A thesis topic is shaped by a student in conversation with a supervisor who is a faculty member of the Department. The topic should focus upon a question or an issue that can be adequately addressed over the nine months of the academic year. It should be a subject that you care about, that will sustain your interest, that will take you on numerous paths of inquiry, including into primary and secondary literature, and that will allow for an argument to be mounted and defended. Merely exploring a topic is not sufficient.

Keep in mind that this is an independent study, and that a supervisor’s job is to aid in the study, not to teach the subject. A supervisor will discuss readings and help strategize the development of ideas, the direction of research, and the improvement of argument. A supervisor will read and comment critically—sometimes very critically—on chapter drafts. But remember, this is your project, and it will be your responsibility to direct yourself. Only your own initiative, motivation, and hard work will lead to success.


  1. A potential thesis project must be discussed with a member of the faculty, at the latest during the advising period of the previous Spring semester. If your topic is acceptable, you should register for ARTH 395f or an equivalent capstone course and develop a plan for summer work on laying the foundations for research. Typically, that would be reading and taking notes, as well as shaping the scope of the project.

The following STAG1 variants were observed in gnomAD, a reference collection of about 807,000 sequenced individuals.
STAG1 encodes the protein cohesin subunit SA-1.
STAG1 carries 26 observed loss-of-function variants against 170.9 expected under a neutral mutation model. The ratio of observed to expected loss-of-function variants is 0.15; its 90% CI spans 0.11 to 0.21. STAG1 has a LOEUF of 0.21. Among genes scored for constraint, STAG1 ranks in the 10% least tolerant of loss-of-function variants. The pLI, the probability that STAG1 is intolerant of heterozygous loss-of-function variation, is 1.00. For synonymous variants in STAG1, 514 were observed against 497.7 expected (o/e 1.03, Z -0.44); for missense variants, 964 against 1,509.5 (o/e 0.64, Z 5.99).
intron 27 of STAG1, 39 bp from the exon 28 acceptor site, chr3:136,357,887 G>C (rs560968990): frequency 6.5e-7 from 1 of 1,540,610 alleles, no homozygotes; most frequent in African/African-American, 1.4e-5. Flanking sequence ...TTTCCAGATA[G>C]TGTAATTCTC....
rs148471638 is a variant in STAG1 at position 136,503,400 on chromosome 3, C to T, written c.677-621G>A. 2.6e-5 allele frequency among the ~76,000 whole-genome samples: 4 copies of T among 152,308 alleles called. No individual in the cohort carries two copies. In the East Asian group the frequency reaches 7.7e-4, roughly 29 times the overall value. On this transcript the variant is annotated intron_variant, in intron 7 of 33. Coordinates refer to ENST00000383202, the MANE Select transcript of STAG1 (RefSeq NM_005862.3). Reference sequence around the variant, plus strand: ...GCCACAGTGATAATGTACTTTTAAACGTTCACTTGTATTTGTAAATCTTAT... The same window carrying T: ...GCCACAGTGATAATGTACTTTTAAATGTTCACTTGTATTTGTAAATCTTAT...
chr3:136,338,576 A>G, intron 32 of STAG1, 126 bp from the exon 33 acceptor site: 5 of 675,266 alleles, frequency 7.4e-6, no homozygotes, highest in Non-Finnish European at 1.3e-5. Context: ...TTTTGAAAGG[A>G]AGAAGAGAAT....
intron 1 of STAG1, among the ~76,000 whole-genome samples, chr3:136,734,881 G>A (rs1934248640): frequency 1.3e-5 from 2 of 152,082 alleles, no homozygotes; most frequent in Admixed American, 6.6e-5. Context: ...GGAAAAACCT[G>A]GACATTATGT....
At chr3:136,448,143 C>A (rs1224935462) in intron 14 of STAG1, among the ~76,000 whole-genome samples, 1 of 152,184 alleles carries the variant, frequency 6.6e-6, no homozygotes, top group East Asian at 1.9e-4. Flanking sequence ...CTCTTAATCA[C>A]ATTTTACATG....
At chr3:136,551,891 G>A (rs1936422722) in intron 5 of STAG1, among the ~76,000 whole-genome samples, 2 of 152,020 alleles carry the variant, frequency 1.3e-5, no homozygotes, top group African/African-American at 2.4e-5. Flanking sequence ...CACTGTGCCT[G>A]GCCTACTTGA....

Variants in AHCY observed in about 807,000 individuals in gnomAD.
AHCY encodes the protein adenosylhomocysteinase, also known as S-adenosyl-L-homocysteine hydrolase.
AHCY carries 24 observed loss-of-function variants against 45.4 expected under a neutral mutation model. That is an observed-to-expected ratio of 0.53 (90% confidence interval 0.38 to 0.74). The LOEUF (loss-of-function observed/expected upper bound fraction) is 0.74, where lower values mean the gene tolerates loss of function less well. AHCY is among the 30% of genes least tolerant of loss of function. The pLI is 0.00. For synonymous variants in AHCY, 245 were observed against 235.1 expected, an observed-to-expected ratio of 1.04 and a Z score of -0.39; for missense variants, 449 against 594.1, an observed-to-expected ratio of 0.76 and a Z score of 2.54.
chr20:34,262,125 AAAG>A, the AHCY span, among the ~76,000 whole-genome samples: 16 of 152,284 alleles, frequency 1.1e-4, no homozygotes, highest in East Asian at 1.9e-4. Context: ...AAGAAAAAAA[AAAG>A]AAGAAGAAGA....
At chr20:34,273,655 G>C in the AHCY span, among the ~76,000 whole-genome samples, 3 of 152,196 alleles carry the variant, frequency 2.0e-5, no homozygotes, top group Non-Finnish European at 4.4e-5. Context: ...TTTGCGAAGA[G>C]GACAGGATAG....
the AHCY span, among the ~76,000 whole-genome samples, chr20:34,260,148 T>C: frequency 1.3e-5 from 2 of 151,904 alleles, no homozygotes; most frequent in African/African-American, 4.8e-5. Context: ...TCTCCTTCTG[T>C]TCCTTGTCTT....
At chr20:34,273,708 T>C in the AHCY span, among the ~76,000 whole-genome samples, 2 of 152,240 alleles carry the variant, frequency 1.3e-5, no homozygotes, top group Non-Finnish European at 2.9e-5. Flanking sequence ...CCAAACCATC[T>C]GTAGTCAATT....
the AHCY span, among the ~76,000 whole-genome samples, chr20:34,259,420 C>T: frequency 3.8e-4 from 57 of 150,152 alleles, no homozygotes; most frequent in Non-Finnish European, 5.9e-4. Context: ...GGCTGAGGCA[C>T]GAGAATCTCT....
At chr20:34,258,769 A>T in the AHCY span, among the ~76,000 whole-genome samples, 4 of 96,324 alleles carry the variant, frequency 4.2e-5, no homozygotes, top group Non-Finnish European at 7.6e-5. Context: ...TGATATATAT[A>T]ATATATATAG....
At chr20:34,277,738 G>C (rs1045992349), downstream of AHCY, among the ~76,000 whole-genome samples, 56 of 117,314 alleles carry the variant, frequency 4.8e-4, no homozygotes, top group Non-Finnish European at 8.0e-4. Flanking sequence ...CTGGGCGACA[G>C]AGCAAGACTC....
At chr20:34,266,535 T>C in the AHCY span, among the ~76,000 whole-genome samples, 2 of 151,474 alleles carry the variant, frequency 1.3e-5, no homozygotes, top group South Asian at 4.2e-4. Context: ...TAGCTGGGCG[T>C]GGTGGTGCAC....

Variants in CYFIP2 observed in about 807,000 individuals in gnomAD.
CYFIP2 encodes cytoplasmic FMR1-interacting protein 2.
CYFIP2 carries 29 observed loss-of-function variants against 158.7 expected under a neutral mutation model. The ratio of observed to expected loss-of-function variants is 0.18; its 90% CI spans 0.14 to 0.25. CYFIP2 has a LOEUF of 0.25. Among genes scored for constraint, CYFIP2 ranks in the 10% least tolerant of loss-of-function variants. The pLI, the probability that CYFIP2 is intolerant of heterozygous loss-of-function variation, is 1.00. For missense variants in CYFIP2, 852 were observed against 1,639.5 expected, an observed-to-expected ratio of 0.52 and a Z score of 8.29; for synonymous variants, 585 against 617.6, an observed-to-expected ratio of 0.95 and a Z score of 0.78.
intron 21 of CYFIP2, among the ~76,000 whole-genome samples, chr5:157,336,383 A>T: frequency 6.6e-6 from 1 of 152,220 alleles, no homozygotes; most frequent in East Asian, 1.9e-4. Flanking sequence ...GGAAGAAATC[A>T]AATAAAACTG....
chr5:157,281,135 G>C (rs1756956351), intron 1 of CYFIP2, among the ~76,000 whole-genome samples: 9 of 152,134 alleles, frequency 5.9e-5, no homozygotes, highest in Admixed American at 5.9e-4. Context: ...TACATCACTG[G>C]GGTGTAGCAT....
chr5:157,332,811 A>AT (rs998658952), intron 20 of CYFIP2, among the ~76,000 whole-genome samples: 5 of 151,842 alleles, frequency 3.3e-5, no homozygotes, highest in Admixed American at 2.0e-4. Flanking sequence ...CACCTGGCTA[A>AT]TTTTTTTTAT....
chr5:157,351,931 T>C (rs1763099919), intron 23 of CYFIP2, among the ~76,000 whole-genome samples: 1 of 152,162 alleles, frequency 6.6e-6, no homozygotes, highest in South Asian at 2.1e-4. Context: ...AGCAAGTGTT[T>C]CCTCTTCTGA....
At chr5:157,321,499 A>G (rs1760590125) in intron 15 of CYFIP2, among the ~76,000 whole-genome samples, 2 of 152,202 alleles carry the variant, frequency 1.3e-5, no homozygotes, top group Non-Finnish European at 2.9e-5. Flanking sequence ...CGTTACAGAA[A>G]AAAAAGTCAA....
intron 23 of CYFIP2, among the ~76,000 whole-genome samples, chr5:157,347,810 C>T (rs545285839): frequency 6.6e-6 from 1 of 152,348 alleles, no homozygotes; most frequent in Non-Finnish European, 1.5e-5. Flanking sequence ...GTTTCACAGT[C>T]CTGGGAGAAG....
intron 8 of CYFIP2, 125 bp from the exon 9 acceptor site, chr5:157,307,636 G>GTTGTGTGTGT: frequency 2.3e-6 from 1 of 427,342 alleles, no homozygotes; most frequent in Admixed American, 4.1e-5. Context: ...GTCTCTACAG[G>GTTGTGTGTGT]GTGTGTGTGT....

2. Within one week of the first day of Fall classes, the Department requires you to submit a two-to-three page project proposal (both electronically and on paper) to the instructor of ARTH 395f or the capstone seminar. The proposal should include a working title, description of the project, the questions that will be addressed, your methods in addressing them (how you will proceed), and an annotated bibliography. A transcript should be attached to the paper copy. The prospectus will be circulated among the Department faculty. If the Department gives the project the green light, you will begin meeting individually with your specific supervisor. You and your supervisor will develop a timetable for research during the Fall. If the Department does not approve the project, you should consult with your advisor about an alternative course.